1462–1505  Ivan III. begins the work of conquering the surrounding states, which continued throughout the next three centuries.
1503  Part of Poland and Lithunia conquered.
1505–1533  Reign of Basil III. Last of the independent principalities annexed.
1533–1584  Ivan IV., the Terrible: a reign of despotic cruelty. The Tartar states of Kazan and Astrakhan conquered.
1584–1598  Theodore I. (Feodor), a weak king. The boyars or noblemen become turbulent, but are kept in check by Feodor’s brother-in-law, Boris Godunov.
1598  Boris elected successor of Feodor.
1603  Dmitri, an impostor, claims the throne as Feodor’s younger brother.
1605  Dmitri becomes Tsar.
1605–1613  The Troublous Times. Dmitri assassinated (1606), Shuishki, the leader against him, made Tsar. A second Dmitri appears and is proclaimed Tsar. International dissensions and popular uprisings.
1613–1645  In a Grand General Assembly Michael Romanov is elected Tsar. The first of the Romanov dynasty.
1645–1676  Reign of Alexis. Further conquests, and annexation of The Ukraine.
1689–1725  Reign of Peter the Great. The Westernization of Russia.
1711  Peter leaves Moscow, and builds a new capital, St. Petersburg.
1725–1762  A number of weak, indolent Tsars. The male line becomes extinct.
1762–1796  Catherine II. makes Russia one of the great powers and encourages ideas and civilization.
1795  The final partition of Poland among Prussia, Austria, and Russia.
1796–1801  Reign of Tsar Paul.
1801–1825  Reign of Alexander I. At first a time of liberal reforms.
1812  Napoleon’s invasion, and retreat from Moscow.
1815  The Holy Alliance (Russia, Austria, Prussia) formed ostensibly to promote love, righteousness, and peace, but really to suppress the tendencies toward civil liberty. Alexander I. becomes reactionary in his policies under the influence of Metternich.
1825  Death of Alexander I. A short interregnum. In December, a mutiny in Petrograd is quelled and the leaders (later called the Decembrists) are punished.
1825–1855  Reign of Nicholas I. A period of political reaction. Wars with Turkey. The Crimean War, in which Tolstoy fought.
1855  Capture of Sevastopol.
1855–1881  Reign of Alexander II. The first ten years, a period of great reforms.
1861  The Liberation of the Serfs.
1864  The Zemstvos established.
1877–1878  The Russo-Turkish War. Growth of revolutionary sentiment and propaganda. Secret societies. Nihilism. Terrorism.
1881  Assassination of Alexander II.
1881–1894  Reign of Alexander III. A time of reaction. Restrictions everywhere. The bureaucracy all-powerful. Alliance with France.
1894–1917  Reign of Nicholas II.
1904  The Russo-Japanese War. Growth of the revolutionary movement. Labor strikes.
1905 (Oct.)  The Constitutional Manifesto. The Octobrist Party derives its name from the date of this event.
1906 (May)  The First Duma, with radicals in majority, dissolved.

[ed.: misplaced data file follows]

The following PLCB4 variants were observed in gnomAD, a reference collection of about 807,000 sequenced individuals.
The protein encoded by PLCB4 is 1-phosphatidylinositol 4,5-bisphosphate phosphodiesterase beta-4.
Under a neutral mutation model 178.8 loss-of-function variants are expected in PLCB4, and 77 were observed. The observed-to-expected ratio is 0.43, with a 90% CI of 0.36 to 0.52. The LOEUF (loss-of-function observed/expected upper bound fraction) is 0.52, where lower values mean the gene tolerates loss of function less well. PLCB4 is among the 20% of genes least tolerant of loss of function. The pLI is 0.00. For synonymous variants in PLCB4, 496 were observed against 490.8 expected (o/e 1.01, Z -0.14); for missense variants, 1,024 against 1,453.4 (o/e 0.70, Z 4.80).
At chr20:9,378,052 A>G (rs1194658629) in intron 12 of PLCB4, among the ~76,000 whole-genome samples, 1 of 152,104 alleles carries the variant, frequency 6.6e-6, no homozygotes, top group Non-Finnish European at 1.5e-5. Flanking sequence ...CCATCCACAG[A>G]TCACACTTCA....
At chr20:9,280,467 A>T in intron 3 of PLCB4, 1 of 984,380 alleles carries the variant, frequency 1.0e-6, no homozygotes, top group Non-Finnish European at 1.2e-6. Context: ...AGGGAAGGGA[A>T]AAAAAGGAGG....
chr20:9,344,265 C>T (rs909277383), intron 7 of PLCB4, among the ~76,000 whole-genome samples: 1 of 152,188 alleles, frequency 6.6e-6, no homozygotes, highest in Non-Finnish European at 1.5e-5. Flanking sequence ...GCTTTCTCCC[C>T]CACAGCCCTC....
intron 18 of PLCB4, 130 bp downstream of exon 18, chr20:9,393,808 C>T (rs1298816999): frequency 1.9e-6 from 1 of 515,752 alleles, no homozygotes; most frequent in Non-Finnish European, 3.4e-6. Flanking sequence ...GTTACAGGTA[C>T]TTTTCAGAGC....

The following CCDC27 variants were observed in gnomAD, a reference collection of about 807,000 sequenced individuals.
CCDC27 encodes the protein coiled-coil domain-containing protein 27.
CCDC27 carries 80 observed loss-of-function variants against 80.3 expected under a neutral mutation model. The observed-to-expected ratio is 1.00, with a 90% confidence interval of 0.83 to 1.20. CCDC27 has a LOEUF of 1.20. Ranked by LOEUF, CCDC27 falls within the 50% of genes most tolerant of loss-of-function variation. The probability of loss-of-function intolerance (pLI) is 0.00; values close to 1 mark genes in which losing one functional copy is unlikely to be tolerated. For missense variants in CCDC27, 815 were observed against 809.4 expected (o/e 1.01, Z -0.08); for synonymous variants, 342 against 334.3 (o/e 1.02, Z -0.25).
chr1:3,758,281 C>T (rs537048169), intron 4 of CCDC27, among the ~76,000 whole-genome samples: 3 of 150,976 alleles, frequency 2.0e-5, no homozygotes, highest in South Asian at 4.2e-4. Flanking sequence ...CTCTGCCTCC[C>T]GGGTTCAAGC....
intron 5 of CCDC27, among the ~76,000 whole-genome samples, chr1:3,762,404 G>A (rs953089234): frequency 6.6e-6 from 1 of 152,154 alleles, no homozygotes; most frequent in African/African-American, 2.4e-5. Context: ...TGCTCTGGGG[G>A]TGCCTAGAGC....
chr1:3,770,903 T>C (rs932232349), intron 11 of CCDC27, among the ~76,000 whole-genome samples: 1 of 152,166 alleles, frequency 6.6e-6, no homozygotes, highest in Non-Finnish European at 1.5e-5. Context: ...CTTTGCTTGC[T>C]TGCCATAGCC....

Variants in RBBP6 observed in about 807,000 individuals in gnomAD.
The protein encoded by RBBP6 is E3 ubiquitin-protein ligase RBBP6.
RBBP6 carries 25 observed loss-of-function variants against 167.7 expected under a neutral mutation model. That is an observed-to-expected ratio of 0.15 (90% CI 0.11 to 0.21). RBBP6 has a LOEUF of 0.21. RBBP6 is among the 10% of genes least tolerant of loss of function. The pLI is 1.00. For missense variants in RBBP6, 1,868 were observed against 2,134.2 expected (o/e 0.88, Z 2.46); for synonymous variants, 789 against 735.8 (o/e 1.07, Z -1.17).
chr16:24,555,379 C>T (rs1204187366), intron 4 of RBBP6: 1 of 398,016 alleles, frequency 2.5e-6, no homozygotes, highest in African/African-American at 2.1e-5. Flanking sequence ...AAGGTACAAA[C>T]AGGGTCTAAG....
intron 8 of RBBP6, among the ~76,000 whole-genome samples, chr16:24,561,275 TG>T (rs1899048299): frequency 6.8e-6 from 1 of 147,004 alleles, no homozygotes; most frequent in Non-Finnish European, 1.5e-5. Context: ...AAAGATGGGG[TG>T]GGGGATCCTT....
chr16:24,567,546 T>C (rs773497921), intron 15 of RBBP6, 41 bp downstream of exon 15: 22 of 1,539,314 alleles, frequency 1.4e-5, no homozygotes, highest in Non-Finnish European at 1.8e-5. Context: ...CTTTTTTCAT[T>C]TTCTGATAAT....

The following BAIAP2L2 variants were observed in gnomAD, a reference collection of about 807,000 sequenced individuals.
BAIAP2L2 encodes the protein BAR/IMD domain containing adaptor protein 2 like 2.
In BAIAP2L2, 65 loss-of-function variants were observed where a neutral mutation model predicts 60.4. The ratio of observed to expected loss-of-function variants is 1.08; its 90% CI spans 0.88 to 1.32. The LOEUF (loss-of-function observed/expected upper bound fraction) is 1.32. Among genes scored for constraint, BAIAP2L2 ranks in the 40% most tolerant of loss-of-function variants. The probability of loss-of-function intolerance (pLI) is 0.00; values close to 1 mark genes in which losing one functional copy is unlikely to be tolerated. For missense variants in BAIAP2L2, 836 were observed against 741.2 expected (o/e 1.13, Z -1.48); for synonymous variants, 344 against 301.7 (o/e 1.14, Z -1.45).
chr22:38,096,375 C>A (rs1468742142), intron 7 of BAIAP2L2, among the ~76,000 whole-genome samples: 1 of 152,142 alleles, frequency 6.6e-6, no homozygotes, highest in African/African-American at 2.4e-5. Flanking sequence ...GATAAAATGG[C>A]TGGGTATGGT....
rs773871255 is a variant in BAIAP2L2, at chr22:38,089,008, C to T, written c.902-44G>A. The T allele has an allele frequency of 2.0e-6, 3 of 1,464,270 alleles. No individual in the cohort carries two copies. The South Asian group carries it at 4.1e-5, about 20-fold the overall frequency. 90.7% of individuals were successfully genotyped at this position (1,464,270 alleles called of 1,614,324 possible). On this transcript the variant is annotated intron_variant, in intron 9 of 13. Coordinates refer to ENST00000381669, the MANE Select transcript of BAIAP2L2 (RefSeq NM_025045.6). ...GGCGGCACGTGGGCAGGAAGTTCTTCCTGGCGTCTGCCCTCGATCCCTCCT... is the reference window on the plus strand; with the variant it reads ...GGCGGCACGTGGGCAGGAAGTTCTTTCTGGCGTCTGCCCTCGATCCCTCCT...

1907 (March)  The Second Duma, similarly constituted, dissolved.
1907 (Nov.)  The Third Duma: some reforms.
1912  The Fourth Duma.
1914 (Aug.)  The European War begins.
1917 (March)  The Russian Revolution. Tsar Nicholas dethroned and a Provisional Government established.
  37
 
Reading Recommended

 
AUTHORS
Pushkin
Gogol
Goncharov
Turgenev
Dostoyevsky
Tolstoy
Chekhov
Gorky
Andreyev
Russian Lyric Poetry
The Realistic School
Mickiewicz
Sienkiewicz
  38
 
Russian Literature in English Translation

        
AUTHORS
WORKS
EDITIONS
Pushkin  ‘Tale of the Armament of Igor’
‘Boris Godunov’
‘Eugene Oneguine’
‘Prose Tales’
‘The Captain’s Daughter’
  Lond., 1915
N.Y., 1907
N.Y., 1881
Lond., 1894 and 1914
Lond., 1859
Lermontov  ‘Poems’ (translated by E. L. Voynich)
‘The Demon’
‘The Circassian Boy’
‘The Ballad of Ivan’
‘A Hero of Our Time’
‘Heart of a Russian’
  Lond., 1911
Lond., 1884
Lond., 1911
Lond., 1911
N.Y., 1915
Lond., 1912
Gogol  ‘The Inspector-General’ (Revizor)
‘Dead Souls’
‘Taras Bulba’
‘Cossack Tales’
‘St. John’s Eve and Other Tales’
‘The Mantle and Other Stories’
  N.Y., 1916
N.Y., 1915
N.Y., 1915
Lond., 1860
N.Y., 1886
N.Y., 1916
Shevchenko  ‘Translations from Shevchenko and Lermontov’  Lond., 1911
Griboyedov  ‘The Misfortunes of Being Clever’  Lond., 1914
Ostrovsky  ‘The Storm’  Lond., 1899, Bost., 1907, Chicago, 1911
Aksakov  ‘Years of Childhood’
‘A Russian Gentleman’
  N.Y., 1916
N.Y., 1917
Turgenev  ‘Novels and Stories’ (translated by I. F. Hapgood)
‘Novels’ (translated by Constance Garnett)
‘Fathers and Children’
‘Rudin’
‘A Nobleman’s Nest’ (Liza)
‘On the Eve’
‘Virgin Soil’
‘Smoke’
  N.Y., 1903–1904 (16 v.)
N.Y., 1906 (15 v.)
Tolstoy  ‘Complete Works’ (translated by L. and A. Maude)
‘Complete Works’ (translated by Leo Wiener)
‘Novels and Other Works’ (translated by N. H. Dole, etc.)
‘War and Peace’
‘Anna Karénina’
‘Kreutzer Sonata’
‘Childhood, Boyhood, Youth’
‘Resurrection’
‘Master and Man’
‘Confession’
‘What is Art?’
‘Plays and Letters’
‘Plays’
‘The Journal’
  N.Y. (26 v.)
N.Y. (14 or 24 v.)
N.Y. (24 v.)








Lond., 1911
N.Y., 1914
N.Y., 1917
Dostoyevsky  ‘Novels’ (translated by Constance Garnett)